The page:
A CRISPR gene activation technique has been shown to prevent and reverse disease symptoms in a mouse model of muscular dystrophy. This no-cut CRISPR method increased the expression of the laminin-α1 gene, something that had been difficult to do previously, because of the gene’s large size. Not only were muscle wasting and paralysis symptoms prevented in the pre-symptomatic transgenic mice that were treated with this technique, but symptomatic mice were also helped.

The work was published in Nature in a paper titled, “A mutation-independent approach for muscular dystrophy via upregulation of a modifier gene.”

Muscular dystrophies are a group of inherited muscle-wasting diseases. One subtype, congenital muscular dystrophy type 1A (MDC1A), is caused by mutations in the gene Lama2, which encodes laminin-α2. The Lama2 mutations can cause the loss of the peripheral nerves’ protective myelin coating and disrupt the stability of muscle fibers.

Rodent studies have previously shown that increasing expression of the related gene, Lama1 (which encodes laminin-α1), can alleviate symptoms in a muscular dystrophy mouse model, but the gene’s large size makes it technically challenging to achieve with standard gene therapy methods.

To address this issue, Ronald Cohn, MD, president and CEO of the Hospital for Sick Children in Toronto, Ontario, Canada, and Evgueni Ivakine, PhD, senior research associate at the Hospital for Sick Children, co-senior authors on the paper, developed a CRISPR-mediated gene activation system to increase the expression of the Lama1 in a mouse model of MDC1A.

The team modulated expression of Lama1 in the MDC1A mouse model using an adeno-associated virus (AAV9) carrying a catalytically inactive Cas9 (dCas9), VP64 transactivators, and single-guide RNAs (gRNA) that target the Lama1 promoter. The gRNA directs the inactive Cas9 and the VP64 activators to the site of the Lama1 gene, resulting in the increase of Lama1 gene expression without genome editing.

When pre-symptomatic mice were treated with this approach, Lama1 was upregulated in skeletal muscles and peripheral nerves, which prevented muscle fibrosis and paralysis.

“Targeting disease modifier genes in this way could benefit a wider range of patients” noted Kate Adcock, PhD, director of research and innovation, Muscular Dystrophy UK, “as the technique doesn’t depend on an individual mutation.”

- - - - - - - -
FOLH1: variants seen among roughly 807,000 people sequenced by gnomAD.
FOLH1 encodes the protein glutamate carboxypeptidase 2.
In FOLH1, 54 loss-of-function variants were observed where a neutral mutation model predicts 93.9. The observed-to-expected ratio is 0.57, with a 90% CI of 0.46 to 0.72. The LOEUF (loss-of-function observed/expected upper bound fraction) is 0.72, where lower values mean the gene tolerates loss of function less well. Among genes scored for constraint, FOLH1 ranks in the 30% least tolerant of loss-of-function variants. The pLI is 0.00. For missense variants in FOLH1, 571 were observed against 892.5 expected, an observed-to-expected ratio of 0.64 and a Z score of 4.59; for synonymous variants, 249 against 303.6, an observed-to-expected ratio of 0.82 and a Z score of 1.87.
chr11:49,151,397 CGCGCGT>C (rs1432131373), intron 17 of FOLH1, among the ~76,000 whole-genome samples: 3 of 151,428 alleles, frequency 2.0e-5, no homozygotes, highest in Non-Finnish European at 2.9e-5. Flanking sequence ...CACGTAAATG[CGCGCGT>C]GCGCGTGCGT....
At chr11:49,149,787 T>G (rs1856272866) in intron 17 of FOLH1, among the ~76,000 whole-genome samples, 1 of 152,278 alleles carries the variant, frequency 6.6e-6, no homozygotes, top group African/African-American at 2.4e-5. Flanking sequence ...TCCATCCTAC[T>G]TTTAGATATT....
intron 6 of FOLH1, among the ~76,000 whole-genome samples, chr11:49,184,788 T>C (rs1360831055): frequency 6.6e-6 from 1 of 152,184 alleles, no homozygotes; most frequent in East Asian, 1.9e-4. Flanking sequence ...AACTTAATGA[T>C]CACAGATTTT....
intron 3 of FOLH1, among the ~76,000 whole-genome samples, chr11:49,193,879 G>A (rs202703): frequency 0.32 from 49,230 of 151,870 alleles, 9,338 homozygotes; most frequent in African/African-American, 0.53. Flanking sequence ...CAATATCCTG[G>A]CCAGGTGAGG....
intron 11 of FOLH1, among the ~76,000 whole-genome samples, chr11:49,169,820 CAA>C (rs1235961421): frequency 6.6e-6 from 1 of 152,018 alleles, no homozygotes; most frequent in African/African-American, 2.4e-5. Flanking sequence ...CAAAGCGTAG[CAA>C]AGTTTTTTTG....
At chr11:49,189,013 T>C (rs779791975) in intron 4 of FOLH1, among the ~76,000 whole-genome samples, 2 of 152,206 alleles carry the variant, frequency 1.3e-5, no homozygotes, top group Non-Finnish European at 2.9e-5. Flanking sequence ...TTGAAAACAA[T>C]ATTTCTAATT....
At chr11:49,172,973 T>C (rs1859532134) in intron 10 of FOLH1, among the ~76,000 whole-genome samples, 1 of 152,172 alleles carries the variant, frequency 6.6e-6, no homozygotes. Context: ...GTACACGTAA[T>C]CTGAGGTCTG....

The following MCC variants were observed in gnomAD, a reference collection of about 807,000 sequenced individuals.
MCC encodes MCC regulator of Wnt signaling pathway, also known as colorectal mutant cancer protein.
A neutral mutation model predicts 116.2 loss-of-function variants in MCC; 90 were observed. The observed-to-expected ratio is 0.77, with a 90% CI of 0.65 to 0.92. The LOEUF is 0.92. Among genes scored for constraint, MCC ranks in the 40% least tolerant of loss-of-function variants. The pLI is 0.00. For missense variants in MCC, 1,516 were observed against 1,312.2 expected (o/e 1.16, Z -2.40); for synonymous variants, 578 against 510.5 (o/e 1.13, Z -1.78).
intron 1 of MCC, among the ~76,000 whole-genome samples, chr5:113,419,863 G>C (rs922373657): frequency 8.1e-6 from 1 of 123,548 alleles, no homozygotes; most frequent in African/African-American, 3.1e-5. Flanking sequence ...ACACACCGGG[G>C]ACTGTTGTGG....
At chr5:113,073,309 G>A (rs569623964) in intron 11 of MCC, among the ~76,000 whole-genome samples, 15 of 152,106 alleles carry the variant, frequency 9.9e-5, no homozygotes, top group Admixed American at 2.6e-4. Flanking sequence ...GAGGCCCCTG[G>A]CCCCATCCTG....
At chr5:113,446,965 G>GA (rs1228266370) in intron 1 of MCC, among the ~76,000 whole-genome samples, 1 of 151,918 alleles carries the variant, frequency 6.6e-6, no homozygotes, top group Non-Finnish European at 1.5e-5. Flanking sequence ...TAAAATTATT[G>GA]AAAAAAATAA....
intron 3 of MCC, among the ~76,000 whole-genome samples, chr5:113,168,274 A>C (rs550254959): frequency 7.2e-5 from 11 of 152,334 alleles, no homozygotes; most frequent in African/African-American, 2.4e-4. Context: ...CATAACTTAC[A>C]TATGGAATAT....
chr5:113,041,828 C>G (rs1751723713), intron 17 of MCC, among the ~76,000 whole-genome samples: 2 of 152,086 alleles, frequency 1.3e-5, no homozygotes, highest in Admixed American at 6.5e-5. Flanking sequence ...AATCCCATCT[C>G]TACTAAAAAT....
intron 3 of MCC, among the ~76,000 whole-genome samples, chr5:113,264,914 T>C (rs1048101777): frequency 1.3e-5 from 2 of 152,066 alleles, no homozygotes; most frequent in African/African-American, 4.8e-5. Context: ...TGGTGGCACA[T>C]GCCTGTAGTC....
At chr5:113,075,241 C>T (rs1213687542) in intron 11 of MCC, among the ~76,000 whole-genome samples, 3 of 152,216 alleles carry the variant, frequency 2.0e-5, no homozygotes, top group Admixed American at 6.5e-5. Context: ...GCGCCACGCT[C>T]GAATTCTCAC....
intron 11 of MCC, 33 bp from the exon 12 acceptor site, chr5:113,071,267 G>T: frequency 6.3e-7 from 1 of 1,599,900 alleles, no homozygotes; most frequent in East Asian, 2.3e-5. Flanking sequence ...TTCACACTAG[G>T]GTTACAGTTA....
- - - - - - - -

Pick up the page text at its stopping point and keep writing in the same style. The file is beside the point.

“The major advance of this approach is the potential to treat complex diseases caused by multiple mutations, maybe even affecting different genes,” noted Alena Pance, PhD, senior staff scientist at the Wellcome Trust Sanger Institute, UK. “Rather than attempting to repair all the defects,” Pance added, “if a modifier gene can be found as was shown in this study, its activation can overcome the pathology of the disease.”

In muscular dystrophies, it has been hypothesized that fibrotic changes in skeletal muscle are irreversible. However, the team showed that dystrophic features and disease progression were improved and reversed when the treatment was initiated in symptomatic transgenic mice with apparent hindlimb paralysis and muscle fibrosis.

“As this system does not lead to breaks in the DNA, it is deemed safer,” notes Pance. “However, the design of the guide RNAs to provide the specific location in the genome follows the same principles as those applied to genome editing, so the potential for off-target effects is still an important issue to consider.” Although the authors assessed this point by identifying potential binding sites, Pance notes that it is unclear what using a general gene activator, which has the potential to induce expression of any gene to which it is delivered, could do in an off target location.

“Finally” asserts Pance, “the long term effects of the therapy will also need to be evaluated.” She adds that “it will be important to understand the therapeutic timeline to establish any potential clinical protocol that could be applied to humans.”

CRISPR is a versatile tool, in part because it can be used to upregulate and downregulate the expression of key genes. The authors propose that in the future, combinatorial therapeutic approaches might help to treat this and other genetic disorders by “turning up” protective genes and “turning down” detrimental genes.

 

 

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